|Title:||O'Brien (n.Greeves), Anne to O'Brien, Joseph Sinton, 1842|
|Collection||The Transatlantic Letters of an Irish Quaker Family_1818-1877 [B. Jackson]|
|Sender||O'Brien (n.Greeves), Anne|
|Origin||Collins, Lake Erie, NY, USA|
|Recipient||O'Brien, Joseph Sinton|
|Genre||sending money, farm produce and cattle, news of family, friends and neighbours, Quaker meeting, wishes him well at work, bad state of Ireland, correspondence|
|Transcript||Collins 24 of 7th month 1842 first day morn|
My Dear Joseph
We duly received thine of 7lh mo 10lh & 14th to Father, TW and I on 6* day evening and now hasten to answer
it according to request. I need hardly say we were all glad to hear once more from thee and that thee was well, and
we think getting along well when thee is intrusted with the inspection of such large quantities of grain to have been
so raw an hand as thee was; but practice makes perfect, I suppose.
When we read the fore part of thy letter we were felt sorry thee had asked A. for any money, as it seemed too
soon, but when he read that part to me, Father said that thee had done the best \to?\ let A. know thee did not want
to spend thy time for nothing... as likely thee mentioned we had enough for thee to do at home, or some thing
else made him get such a notion into his head about thee disliking to stay. But now thee knows what to depend
on and us told, and thee will find thee will have to be very economical to spare us any thing - and we never
wanted it more as we owe here and there a little, thee knew before thee left, and there is no money to be had. Father
is going out to night with S.Lewis with a little butter and ... two calves we have been fatting, to try to get some
money and a little flour. The money was for Thos as he has never been paid. And now we conclude it best for thee not to send any money at present, and if Tho' has any payments to make in the City we will let him call on thee or write thee again who to pay it to for him; and we will be glad to do the same with [Kerr?] and Bigalow as we are in debt to them all. And the produce of our Cows is not going to amount to much
this season - they came in so late and butter is only worth from 7 to 8 cents per lb. This summer we lost our best
cow, good old Cherry, in 6th month: she died of murrain: she could not be saved, she was taken so violently and
being in good order it was worse for her. She had a calf 2 days old when she was taken; every thing was done for
her that could be, but to no effect. She is a great loss. While I am speaking about the cows, I must tell thee which
of the heifers are the best: the black first, the Brinnl [brindle?] next and then the spotted one and I believe the red
and Brock come last. Thee will wonder Father sometime wishes he had sold her to J. G. as cows can be bought
for 133, 3 year old steers for 30$, oxen good from 50/55$ to 60$, very good 65/70$ and every thing else in
proportion. We will have to sell one of the horses or the steers as we cant keep them all. S. Jennings offer[ed]
Father 70$ for Pompy to pay in a year with a little this summer, but Father wanted 75 and more money down as
it was for sake of the money he was going to sell him. But he has grown a great fellow since, and he will be a valuable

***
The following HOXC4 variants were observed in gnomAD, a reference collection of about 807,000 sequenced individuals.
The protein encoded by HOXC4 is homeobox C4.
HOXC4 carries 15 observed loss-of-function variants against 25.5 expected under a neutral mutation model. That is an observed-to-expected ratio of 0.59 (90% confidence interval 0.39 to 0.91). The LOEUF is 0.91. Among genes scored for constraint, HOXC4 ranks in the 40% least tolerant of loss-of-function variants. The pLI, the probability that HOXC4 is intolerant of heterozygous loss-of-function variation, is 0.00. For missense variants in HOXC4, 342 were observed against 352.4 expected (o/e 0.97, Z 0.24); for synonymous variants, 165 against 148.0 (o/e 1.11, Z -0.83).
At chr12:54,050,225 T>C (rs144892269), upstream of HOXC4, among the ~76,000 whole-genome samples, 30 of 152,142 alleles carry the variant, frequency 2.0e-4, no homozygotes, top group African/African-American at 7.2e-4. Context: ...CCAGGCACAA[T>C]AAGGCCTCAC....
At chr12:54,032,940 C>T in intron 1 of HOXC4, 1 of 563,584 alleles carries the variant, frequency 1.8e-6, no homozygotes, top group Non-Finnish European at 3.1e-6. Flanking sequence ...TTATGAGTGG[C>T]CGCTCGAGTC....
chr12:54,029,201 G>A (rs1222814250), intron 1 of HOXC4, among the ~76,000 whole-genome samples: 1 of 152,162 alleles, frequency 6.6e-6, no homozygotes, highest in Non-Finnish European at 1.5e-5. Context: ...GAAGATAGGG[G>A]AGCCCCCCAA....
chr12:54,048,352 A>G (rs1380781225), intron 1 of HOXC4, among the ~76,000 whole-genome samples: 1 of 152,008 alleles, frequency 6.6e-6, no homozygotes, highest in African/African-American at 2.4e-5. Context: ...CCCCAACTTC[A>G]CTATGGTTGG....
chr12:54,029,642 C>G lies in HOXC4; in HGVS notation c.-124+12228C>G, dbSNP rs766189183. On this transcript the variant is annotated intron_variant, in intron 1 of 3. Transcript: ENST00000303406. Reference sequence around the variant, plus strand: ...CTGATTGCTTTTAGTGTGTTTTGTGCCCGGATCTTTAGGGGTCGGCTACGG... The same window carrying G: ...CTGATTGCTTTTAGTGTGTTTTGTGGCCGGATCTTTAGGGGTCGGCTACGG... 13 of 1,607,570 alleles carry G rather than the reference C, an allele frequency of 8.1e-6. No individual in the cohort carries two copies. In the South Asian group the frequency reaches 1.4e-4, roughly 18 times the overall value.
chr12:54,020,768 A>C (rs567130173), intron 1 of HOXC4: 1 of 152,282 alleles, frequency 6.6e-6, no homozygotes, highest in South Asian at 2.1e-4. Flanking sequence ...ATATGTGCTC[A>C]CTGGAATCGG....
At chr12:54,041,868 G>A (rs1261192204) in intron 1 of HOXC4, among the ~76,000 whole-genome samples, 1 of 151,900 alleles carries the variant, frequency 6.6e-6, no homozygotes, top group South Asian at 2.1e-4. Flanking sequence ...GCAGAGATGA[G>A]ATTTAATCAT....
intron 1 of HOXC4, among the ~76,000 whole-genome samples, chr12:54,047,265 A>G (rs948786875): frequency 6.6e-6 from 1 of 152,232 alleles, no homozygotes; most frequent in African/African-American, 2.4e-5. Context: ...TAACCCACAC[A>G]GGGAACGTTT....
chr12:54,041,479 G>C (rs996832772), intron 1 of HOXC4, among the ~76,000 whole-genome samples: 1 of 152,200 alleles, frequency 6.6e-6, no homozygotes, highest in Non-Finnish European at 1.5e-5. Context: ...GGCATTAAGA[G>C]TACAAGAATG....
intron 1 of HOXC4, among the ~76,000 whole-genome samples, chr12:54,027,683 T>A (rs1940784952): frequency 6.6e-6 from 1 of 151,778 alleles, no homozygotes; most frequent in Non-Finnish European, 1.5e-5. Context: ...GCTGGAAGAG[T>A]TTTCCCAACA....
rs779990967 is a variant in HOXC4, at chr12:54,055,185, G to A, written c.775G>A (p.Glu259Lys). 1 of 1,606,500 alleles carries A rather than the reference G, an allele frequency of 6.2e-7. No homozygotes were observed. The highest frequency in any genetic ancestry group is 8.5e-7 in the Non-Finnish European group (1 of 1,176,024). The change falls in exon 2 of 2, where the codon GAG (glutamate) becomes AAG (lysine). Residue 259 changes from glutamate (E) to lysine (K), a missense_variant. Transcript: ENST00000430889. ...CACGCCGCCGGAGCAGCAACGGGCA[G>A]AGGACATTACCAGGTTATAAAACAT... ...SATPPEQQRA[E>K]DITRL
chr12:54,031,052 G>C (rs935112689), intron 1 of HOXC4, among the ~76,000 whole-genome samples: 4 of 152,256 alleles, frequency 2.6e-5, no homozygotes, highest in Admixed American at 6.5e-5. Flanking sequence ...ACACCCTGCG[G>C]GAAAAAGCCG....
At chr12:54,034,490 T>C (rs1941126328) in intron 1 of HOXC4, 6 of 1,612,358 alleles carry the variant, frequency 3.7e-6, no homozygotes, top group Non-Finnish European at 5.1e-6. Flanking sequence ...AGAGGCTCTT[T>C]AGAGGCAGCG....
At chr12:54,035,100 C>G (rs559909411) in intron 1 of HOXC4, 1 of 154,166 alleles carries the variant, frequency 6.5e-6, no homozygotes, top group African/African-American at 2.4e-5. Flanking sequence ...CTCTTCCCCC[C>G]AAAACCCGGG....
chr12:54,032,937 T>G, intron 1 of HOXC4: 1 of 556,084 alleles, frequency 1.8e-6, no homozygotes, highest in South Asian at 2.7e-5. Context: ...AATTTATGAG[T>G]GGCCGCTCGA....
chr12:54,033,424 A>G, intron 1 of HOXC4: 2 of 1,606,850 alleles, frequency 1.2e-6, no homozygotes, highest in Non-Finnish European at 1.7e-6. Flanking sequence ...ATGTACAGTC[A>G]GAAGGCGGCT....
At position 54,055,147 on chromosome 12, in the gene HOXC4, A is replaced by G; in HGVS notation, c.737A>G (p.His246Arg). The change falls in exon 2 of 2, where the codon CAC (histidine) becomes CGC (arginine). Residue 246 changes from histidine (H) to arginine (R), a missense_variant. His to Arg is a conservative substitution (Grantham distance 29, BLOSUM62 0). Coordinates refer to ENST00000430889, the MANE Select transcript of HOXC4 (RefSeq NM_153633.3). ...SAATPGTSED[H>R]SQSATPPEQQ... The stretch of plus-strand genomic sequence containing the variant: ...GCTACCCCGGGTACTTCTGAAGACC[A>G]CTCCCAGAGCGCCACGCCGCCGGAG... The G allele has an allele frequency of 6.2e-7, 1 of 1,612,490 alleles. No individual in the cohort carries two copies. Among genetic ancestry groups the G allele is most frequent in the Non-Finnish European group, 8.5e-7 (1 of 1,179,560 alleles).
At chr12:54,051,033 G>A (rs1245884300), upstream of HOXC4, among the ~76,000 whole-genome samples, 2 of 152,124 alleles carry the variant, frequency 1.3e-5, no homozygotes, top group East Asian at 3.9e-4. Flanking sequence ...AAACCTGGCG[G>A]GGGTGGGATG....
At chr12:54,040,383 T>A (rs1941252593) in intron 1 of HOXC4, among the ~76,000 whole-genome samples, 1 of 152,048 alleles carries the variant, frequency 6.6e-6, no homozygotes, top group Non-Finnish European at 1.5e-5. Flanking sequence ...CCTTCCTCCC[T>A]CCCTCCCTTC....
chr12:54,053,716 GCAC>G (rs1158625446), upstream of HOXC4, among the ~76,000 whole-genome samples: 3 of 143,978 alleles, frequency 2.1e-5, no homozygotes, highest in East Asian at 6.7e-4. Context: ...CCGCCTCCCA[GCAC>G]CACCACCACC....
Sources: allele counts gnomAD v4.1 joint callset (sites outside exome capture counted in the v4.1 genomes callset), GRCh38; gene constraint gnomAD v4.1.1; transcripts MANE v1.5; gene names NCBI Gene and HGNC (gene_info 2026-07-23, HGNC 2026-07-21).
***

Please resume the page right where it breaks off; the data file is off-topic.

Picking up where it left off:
[saleable?] horse any time if we could afford to keep him.
As thee reels interested about all we have got, I must tell thee what nice pigs them turned out to be we had of S.
Conger. After running in the woods last winter they wd each weigh I dont know how much, but I expect 12 hun[.?]
apiece and this summer they about hold their own on grass with a little milk; but come to feed, then by and bye we expect they will grow enormously as they did in the winter. We have got two pigs just like them and Father says
they wd weigh 40 to 60 lbs a piece now and they are only little better than 2 months old. Our sow lost her pigs and
we got these of[f] [Joseph] Manchester when a few days old. Father has just begun to make hay a day or two ago,
or at least cut paths to, and he finds grass much better than he expected; and it w^ still be better if he could leave it
a while longer, but he has to begin sooner than if he had more help as he intends making out with Tho' and the
boys. Many complaining of their grass being light. Father ... and the piece adjoining with spring wheat, which looks
well. The winter wheat through the country hurt very much with the frost, and now with the rust: John S will
not have Vi a crop on a large field he has. Our corn is almost a complete failure, as after such cold weather it came
rainny and lasted untill it was too late for corn to come to any thing. It will be a great disappointment to us.
E [Father] is almost ready to go to the west again: there is talk of a great many going. Ah ram Tucker has been
to see Charles and tells fine things of his [cousin?]. He saw most of our acquaintances that have gone there and
they are all doing well, among the rest Stephen and Armida. Abram will sell and go and take all his children if
he can. Tho' and Maria say they mean to go. Chauncy Rose has sold and gone out to find a place, I believe. John
Pekins [Pickens] has sold to Tim Russel679 and says he is going there. G [McMillen] & Mary Ann go when the[y]
can, they say. George has sold his farm: Hugh gets the part next his, with the buildings, and Aunt Lydia gets the
other, I understand for Moses, and she is coming up to live on it so we will have her for a neighbour. G & M Ann
was here yesterday. G is very much drove for money to pay his old debts: some think his taking his Father farm
will finish him. He keep & hired man and woman, but they cant do without them now, but he had the man all
winter besides hiring Mordaca [Mordecai] Sherman'190 to cut his wood. G is dashing away just what suits him,
speculating now and again in horses and oxen. While here yesterday he left his horses fasten[ed] out at the bars[?]
as he had been up to Andrew H after having M. Ann, and he had got G [probably George, son of Levi] Woodwards
buggy. Well, while there [as he wd not bring them in?] they got lose and they ran away with the buggy and before
they got to Sams they dashed it all to pieces ... he had given S. Conger a 70 Dollar yoke of [oxen?] for this
spring, came dash up against a large stump and almost killed himself. He came with such force that he tumbled
on his back and tolled over, and there he stood when they went to him. We have not heard from him to day but
expect he left him down at his old place, as he was hardly able to go when he took him away. The other was a colt
that he got with the farm and he had broken it. G felt very bad: they think the buggy is not worth repairing as
both the axletree[s] are broken, the tung [tongue] and one of the springs.